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Developing Programming and Development (learning strand), specifically:

  • Understand the concept of Sprites and how they can used as game objects.
  • Understand and use variables to change to keep track of the X and Y coordinates of a sprite.
  • Understand the process of detecting collisions.
  • Understand how to use the random function to generate a random sprite target.


  • Open your file from lesson 5 in pyGame. It should be in your home drive, stored in your Year 9 Game Development folder.

Learn It

  • We are going to make a simple game and learn to use collisions.

Try It

  • In addition to the sprite we made in the previous lesson, we will create another sprite using a basic shape called target. We will then detect if player1 has collided with the target.
  • First we need a variable to hold the x and y position of the target.
  • Add these lines at the bottom of the lines of the game setup section, directly underneath the line that says: player1Image=pygame.transform.scale(player1Image, player1ImageSizeXY) which you wrote in the last lesson. It'll be around line 20.
targetXY = [500, 500]
  • Your code will look a little like this now:


  • Next, we will draw the target sprite onto the screen.
  • Add the following lines of code in your game loop, directly underneath the line that says: player1XY=newXPosition, newYPosition
  • NOTE: You'll need to indent each of these lines twice, to that they're part of the FOR event loop.
target =, red, (300, 600), 20)
if player1.colliderect(target):
  • The code should look like this:


  • Run the code, and see what happens?
  • Printing 'hit' in the console is not very exciting. Let's change the code so the target disappears and reappears at a random x and y position when touched by the player sprite.
  • In order to use the random numbers, we need to import some extra code to allow it.
  • Add this line at the very top of your program:
import random

It'll look like this: 6-3.PNG

  • Next, we can use a new function called: random.randint() to create random numbers for the x and y postions of the target. Comment out the print("hit") line you wrote previously by placing a hash symbol (#) in front of it.
  • Then add the following lines underneath. Don't forget that they're part of the IF block, so will need to be indented with the tab key three times.
targetXY[0] = random.randint(0, SCREENWIDTH)
targetXY[1] = random.randint(0, SCREENHEIGHT)
  • We will also need to stop hard-coding the coordinates of our target, and start using the new randomly chosen coordinates. A few lines above where you made these changes, find the line that says:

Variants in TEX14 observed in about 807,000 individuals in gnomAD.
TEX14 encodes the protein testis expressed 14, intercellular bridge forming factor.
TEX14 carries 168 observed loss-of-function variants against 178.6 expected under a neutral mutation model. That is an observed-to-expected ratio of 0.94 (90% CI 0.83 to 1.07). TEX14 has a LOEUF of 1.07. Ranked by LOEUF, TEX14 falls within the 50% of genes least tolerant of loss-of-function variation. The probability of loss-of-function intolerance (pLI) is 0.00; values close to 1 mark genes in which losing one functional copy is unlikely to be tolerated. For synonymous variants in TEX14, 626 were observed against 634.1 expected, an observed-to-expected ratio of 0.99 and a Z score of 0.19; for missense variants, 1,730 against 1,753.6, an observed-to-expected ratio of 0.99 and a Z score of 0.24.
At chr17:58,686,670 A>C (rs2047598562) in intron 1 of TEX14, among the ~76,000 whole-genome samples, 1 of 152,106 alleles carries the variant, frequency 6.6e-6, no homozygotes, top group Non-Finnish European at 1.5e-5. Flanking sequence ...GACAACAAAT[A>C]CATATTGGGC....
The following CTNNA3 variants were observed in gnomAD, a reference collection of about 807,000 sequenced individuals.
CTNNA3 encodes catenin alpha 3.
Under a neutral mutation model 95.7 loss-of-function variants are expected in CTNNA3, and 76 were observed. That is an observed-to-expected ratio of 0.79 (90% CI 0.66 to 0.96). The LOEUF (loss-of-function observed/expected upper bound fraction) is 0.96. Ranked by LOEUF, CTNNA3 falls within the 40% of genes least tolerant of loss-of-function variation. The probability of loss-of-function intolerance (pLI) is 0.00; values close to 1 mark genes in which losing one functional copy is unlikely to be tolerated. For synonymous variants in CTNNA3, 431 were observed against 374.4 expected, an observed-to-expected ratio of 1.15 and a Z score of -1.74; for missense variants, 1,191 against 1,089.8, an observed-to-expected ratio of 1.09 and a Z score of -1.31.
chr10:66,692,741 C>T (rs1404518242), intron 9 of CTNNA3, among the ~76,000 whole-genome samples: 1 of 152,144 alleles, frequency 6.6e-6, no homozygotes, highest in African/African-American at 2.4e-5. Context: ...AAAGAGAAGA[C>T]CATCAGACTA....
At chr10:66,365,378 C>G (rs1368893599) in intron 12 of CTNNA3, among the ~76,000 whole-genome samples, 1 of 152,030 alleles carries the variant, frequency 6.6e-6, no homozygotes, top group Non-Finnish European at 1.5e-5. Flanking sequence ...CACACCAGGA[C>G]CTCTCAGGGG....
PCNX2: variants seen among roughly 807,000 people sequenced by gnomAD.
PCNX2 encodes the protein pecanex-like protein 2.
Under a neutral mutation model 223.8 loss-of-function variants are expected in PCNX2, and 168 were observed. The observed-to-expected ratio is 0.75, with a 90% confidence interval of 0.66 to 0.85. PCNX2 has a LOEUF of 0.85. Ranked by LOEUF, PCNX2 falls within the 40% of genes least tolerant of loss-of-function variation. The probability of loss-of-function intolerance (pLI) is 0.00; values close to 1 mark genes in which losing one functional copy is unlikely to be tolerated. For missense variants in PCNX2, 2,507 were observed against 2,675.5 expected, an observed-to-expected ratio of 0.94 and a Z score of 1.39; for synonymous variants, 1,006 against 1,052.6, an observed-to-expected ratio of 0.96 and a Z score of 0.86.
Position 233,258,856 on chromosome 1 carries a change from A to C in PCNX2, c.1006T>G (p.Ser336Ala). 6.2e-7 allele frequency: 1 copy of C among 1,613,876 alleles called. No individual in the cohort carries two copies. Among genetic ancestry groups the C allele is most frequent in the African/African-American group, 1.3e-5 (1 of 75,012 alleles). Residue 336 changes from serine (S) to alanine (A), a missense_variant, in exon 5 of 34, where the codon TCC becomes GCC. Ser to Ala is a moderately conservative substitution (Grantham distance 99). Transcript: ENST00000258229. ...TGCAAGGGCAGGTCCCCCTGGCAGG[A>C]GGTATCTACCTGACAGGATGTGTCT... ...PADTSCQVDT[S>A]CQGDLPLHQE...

target =, red, (300, 600), 20)
  • Change it to say:
target =, red, targetXY, 20)
  • The code should look a little like this (the line numbers won't be exact, but will be in this area of the program):


Test It

  • Run the program to test it.
  • There are a number of improvements we can make.
  • It would be better if the user had to collide with the target and click the mouse to score a point. We could add this by changing our collision code slightly.
  • Add another IF statement inside the game loop to force the user to click on the target. NOTE: Only the first line below is to be added; the others are shown to help you see where to place the code, and help ensure it is indented correctly.
if pygame.mouse.get_pressed()[0] == 1:
    if player1.colliderect(target):
    # print("Hit!")
    targetXY[0] = random.randint(0, SCREENWIDTH)
    targetXY[1] = random.randint(0, SCREENHEIGHT)
  • The code should look something like this. NOTE: The lines of code under the new IF statement will all need to be intended.


  • This new feature also introduces a bug; the player can hold down the mouse button constantly, so that they just have to touch the target.
  • This is slightly more complex to fix. We'll need to create a variable to prevent the player from 'firing' again until until the mouse button is released.
    • Create the fireLock variable and set to: 0 at the start of the game, so the player can fire. Add this line of code just before your game loop:
fireLock = 0
  • So it looks like this:


  • Next, we'll need to set: fireLock to: 1 when the mouse button is pushed, by modifying our IF statement from before a little bit.
  • Find the line that says:
if pygame.mouse.get_pressed()[0] == 1:
  • Change it to:
if pygame.mouse.get_pressed()[0] == 1 and fireLock == 0:
    fireLock = 1
  • The code should now look something like this:


  • Finally, we'll need to make it so that we only reset: fireLock to 0 when the mouse button is released. We do this by adding another event listener to our event loop.
  • Add this IF statement inside the: *gameState = "exit"* line in your game loop.
if event.type == pygame.MOUSEBUTTONUP:
    fireLock = 0
  • It should look like this when done:


  • If you find yourself unsure of how to complete this lesson, this video tutorial may help:

Badge Tasks

  • Silver: Add comments to your code and in comments below your code.
  • Gold: The target is currently drawn over the top of the player - Fix this bug so that it appears behind.
  • Platinum: Change the target circle to an image of your choice instead.

Badge It

  • Be honest and take the quiz below to assess your own progress. Your teacher will randomly check some students work to moderate their marking.
  • Once you have done above tasks and tested they are working as intended, click here for the self assessment.